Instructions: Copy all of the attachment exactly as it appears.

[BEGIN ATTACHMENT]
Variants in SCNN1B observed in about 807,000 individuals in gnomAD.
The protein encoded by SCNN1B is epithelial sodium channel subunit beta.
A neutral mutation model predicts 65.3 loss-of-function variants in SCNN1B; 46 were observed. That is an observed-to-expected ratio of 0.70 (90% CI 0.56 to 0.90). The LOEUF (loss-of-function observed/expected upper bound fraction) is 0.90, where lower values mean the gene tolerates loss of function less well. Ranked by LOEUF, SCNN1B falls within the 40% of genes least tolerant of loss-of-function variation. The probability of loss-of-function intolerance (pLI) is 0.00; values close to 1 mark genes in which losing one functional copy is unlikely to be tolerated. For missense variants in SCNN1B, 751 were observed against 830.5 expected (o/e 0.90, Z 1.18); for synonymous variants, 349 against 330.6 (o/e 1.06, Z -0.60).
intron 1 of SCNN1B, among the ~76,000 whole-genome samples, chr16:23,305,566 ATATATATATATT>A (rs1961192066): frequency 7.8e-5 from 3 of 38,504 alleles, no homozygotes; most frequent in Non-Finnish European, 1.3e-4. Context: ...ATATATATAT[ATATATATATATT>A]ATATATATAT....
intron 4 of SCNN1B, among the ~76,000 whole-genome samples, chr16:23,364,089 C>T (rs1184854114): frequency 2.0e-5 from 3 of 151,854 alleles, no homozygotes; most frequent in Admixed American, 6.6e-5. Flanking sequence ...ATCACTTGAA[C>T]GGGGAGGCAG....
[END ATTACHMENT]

Variants in SCNN1B observed in about 807,000 individuals in gnomAD.
The protein encoded by SCNN1B is epithelial sodium channel subunit beta.
A neutral mutation model predicts 65.3 loss-of-function variants in SCNN1B; 46 were observed. That is an observed-to-expected ratio of 0.70 (90% CI 0.56 to 0.90). The LOEUF (loss-of-function observed/expected upper bound fraction) is 0.90, where lower values mean the gene tolerates loss of function less well. Ranked by LOEUF, SCNN1B falls within the 40% of genes least tolerant of loss-of-function variation. The probability of loss-of-function intolerance (pLI) is 0.00; values close to 1 mark genes in which losing one functional copy is unlikely to be tolerated. For missense variants in SCNN1B, 751 were observed against 830.5 expected (o/e 0.90, Z 1.18); for synonymous variants, 349 against 330.6 (o/e 1.06, Z -0.60).
intron 1 of SCNN1B, among the ~76,000 whole-genome samples, chr16:23,305,566 ATATATATATATT>A (rs1961192066): frequency 7.8e-5 from 3 of 38,504 alleles, no homozygotes; most frequent in Non-Finnish European, 1.3e-4. Context: ...ATATATATAT[ATATATATATATT>A]ATATATATAT....
intron 4 of SCNN1B, among the ~76,000 whole-genome samples, chr16:23,364,089 C>T (rs1184854114): frequency 2.0e-5 from 3 of 151,854 alleles, no homozygotes; most frequent in Admixed American, 6.6e-5. Flanking sequence ...ATCACTTGAA[C>T]GGGGAGGCAG....